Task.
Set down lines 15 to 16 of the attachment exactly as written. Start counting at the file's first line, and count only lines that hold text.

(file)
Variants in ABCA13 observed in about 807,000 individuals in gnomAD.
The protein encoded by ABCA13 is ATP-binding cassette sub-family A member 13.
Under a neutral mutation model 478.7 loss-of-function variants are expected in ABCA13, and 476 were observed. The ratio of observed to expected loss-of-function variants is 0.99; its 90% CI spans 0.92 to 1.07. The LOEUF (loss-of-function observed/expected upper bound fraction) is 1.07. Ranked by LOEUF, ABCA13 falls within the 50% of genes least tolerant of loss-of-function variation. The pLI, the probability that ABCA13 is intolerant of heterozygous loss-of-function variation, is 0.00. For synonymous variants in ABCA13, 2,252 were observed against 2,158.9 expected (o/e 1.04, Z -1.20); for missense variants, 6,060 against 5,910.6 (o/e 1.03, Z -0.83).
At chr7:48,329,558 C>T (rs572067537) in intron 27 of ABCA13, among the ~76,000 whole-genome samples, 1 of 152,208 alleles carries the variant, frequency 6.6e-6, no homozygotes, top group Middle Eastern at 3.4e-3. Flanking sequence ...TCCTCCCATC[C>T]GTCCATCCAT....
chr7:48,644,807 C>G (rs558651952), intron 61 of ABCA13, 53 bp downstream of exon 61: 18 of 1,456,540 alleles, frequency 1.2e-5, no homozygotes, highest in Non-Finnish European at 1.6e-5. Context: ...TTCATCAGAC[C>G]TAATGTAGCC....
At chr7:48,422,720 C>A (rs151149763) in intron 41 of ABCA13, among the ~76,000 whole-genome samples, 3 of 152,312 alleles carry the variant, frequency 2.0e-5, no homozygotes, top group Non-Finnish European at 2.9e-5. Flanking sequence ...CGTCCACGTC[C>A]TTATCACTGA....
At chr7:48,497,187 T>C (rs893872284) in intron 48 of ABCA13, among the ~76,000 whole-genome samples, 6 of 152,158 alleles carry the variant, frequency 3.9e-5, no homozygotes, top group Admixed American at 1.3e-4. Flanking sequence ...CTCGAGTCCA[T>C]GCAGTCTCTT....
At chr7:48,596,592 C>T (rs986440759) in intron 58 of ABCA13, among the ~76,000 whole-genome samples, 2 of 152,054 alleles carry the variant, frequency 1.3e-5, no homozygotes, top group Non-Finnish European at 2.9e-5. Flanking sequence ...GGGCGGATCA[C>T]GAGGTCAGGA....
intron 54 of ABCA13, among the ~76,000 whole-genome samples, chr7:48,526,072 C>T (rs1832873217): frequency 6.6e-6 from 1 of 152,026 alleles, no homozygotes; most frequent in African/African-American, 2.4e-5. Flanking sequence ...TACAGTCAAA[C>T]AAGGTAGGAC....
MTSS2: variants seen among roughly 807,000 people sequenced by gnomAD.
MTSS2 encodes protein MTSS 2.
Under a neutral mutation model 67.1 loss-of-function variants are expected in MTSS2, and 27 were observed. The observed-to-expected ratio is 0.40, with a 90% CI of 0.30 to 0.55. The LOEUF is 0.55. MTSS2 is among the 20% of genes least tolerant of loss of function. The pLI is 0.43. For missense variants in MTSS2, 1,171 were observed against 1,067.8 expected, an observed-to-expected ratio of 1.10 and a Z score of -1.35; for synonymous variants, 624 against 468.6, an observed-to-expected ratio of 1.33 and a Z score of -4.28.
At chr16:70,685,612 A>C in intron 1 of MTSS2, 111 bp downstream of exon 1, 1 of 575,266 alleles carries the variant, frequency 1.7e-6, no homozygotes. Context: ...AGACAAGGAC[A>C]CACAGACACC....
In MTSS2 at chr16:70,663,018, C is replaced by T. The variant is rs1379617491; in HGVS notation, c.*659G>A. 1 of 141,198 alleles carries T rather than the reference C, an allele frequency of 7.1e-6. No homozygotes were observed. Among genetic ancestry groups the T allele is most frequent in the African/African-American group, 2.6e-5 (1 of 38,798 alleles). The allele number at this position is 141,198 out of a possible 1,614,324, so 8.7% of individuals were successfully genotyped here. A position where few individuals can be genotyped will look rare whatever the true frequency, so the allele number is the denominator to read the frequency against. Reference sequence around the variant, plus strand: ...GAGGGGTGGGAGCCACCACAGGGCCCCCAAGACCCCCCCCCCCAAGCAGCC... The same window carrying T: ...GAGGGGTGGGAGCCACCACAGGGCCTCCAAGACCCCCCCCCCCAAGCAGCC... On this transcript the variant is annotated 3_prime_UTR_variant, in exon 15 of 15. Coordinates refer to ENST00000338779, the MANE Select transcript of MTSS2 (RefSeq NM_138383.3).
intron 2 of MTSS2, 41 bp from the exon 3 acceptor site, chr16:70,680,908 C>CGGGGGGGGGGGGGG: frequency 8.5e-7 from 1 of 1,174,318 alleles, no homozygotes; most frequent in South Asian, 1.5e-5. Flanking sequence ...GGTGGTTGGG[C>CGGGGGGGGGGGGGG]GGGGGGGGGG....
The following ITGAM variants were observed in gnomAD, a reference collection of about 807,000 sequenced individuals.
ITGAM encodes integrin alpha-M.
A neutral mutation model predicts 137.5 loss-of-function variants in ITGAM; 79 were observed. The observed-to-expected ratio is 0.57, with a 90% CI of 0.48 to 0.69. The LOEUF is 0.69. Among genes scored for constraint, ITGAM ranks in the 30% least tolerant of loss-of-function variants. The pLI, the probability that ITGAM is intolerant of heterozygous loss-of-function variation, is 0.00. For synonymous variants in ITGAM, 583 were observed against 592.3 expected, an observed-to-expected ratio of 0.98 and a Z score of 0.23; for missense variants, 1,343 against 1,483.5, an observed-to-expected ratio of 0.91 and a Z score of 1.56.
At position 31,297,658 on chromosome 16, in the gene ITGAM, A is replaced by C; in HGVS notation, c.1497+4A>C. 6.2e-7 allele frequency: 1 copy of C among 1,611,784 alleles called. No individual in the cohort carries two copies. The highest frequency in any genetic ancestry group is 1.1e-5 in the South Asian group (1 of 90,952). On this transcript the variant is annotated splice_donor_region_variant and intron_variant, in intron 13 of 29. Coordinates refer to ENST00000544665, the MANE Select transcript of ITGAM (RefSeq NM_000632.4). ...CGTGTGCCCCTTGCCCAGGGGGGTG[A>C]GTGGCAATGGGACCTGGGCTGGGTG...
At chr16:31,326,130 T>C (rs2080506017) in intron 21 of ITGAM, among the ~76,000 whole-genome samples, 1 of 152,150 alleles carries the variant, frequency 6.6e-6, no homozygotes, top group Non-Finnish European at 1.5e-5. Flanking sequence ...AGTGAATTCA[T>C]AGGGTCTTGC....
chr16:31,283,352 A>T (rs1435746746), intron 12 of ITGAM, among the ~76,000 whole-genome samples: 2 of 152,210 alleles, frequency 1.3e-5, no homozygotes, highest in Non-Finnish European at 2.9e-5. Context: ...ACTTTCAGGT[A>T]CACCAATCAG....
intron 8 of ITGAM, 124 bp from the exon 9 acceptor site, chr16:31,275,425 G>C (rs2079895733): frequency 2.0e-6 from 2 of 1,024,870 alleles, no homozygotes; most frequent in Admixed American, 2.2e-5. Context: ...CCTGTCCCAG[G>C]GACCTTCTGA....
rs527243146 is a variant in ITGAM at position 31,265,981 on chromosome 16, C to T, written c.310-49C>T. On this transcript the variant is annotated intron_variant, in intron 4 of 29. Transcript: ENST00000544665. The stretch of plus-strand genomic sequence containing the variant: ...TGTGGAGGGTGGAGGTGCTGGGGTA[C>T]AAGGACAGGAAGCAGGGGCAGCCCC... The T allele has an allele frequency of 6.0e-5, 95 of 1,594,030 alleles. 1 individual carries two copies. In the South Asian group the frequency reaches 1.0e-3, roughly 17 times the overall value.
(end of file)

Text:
intron 2 of MTSS2, 41 bp from the exon 3 acceptor site, chr16:70,680,908 C>CGGGGGGGGGGGGGG: frequency 8.5e-7 from 1 of 1,174,318 alleles, no homozygotes; most frequent in South Asian, 1.5e-5. Flanking sequence ...GGTGGTTGGG[C>CGGGGGGGGGGGGGG]GGGGGGGGGG....
The following ITGAM variants were observed in gnomAD, a reference collection of about 807,000 sequenced individuals.